You are here

Pursuing Open Data at the Department of Energy

December 3, 2013 - 3:11pm

Addthis

Pursuing Open Data at the Department of Energy

At the Department of Energy, we focus on using transformative science and technology solutions to ensure America’s security and prosperity. Data is a key ingredient to this mission, which is why we are so excited about the Open Data movement.

We believe providing open access to energy data can accelerate the pace of scientific discovery and empower entrepreneurs to build new products and services. We have several exciting ongoing initiatives to increase access and use of our data:

First, we are working to catalog all of our public data assets in a standard format and make them available. These data sets are currently spread across the agency and our National Laboratories. We want to make these resources easier to find, and so we have created a public data listing.  This data listing is used to populate data catalogs like the one at www.data.gov and make existing catalog resources like OpenEI.org even better. The department is committed to adding to this list and keeping the data up-to-date.

Second, we are engaging the public in an open data conversation through two data/developer challenges:

  • The American Energy Data Challenge: In the first part of this challenge, we asked the public for great ideas for using energy data to solve some of America’s biggest challenges. We received many excellent entries, and we are now inviting the public to vote on the ideas they think are the best. In the second part of our contest, we’ll be inviting developers to put these ideas to work by building new apps and services that use energy Open Data.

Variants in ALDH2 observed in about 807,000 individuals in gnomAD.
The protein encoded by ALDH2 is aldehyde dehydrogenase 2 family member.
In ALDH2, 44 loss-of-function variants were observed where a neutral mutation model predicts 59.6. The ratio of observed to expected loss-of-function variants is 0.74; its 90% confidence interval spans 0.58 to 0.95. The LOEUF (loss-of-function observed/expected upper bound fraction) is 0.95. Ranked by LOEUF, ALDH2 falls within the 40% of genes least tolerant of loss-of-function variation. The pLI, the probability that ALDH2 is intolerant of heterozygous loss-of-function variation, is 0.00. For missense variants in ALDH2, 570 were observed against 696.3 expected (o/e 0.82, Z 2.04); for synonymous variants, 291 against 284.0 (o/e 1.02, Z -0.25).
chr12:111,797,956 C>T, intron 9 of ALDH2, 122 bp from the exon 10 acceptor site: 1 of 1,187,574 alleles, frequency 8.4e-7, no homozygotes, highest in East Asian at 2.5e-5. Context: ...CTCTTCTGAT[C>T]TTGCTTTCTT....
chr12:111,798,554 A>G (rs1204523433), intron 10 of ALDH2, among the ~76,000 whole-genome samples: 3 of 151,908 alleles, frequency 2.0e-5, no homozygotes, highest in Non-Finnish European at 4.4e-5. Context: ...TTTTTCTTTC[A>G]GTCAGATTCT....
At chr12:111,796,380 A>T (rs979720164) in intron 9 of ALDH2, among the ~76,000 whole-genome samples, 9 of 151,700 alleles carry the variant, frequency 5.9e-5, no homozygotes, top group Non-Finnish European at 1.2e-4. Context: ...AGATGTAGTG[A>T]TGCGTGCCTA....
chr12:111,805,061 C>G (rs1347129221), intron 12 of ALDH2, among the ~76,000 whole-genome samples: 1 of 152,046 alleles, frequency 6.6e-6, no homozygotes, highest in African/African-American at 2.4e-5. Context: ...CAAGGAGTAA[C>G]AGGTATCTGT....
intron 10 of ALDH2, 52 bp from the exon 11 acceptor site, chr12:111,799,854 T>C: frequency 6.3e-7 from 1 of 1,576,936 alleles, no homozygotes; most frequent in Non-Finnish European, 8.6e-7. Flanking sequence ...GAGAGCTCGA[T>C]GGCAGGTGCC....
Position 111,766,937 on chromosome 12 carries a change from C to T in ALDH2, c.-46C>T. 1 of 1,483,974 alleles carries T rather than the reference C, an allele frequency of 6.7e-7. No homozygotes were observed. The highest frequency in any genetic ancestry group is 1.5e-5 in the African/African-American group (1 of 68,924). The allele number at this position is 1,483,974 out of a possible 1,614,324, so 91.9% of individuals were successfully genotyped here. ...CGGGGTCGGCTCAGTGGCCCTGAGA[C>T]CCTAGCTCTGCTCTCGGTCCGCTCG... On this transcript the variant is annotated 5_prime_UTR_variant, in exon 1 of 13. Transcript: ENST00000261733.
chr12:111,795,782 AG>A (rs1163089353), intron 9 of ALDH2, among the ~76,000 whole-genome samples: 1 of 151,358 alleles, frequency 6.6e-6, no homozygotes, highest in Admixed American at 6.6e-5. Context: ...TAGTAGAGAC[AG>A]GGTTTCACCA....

• Sunshot’sHelp Solve Solar’s Big Challenge -- 10 Million Dollar Incubator Challenge” is asking for outside-the-box ideas to lessen solar’s hardware and soft costs. The Department is convinced some of the solutions to tackle this challenge will be driven by software innovations. We are looking for big thinkers, data geeks, app developers, software engineers and others to devise new approaches to attack soft costs.

Finally, the Department is continuing to expand its use of Application Programming Interfaces (APIs) to provide programmatic access to some of our most popular and valuable data resources. For example, over the past year the Energy Information Administration has been trialing a set of powerful APIs that allow developers to interact with their energy statistics data collection more easily than ever before. The Office of Energy Efficiency and Renewable Energy has also created a number of APIs allowing developers to access tools like a solar energy resource finder, vehicle gas mileage estimates and a utility rate database, among others.

We are strong believers in the power of Open Data. Through these efforts, we hope to increase the value of our data resources, and empower the public to use our data in ways we never imagined. We can’t wait to see what you build!

Addthis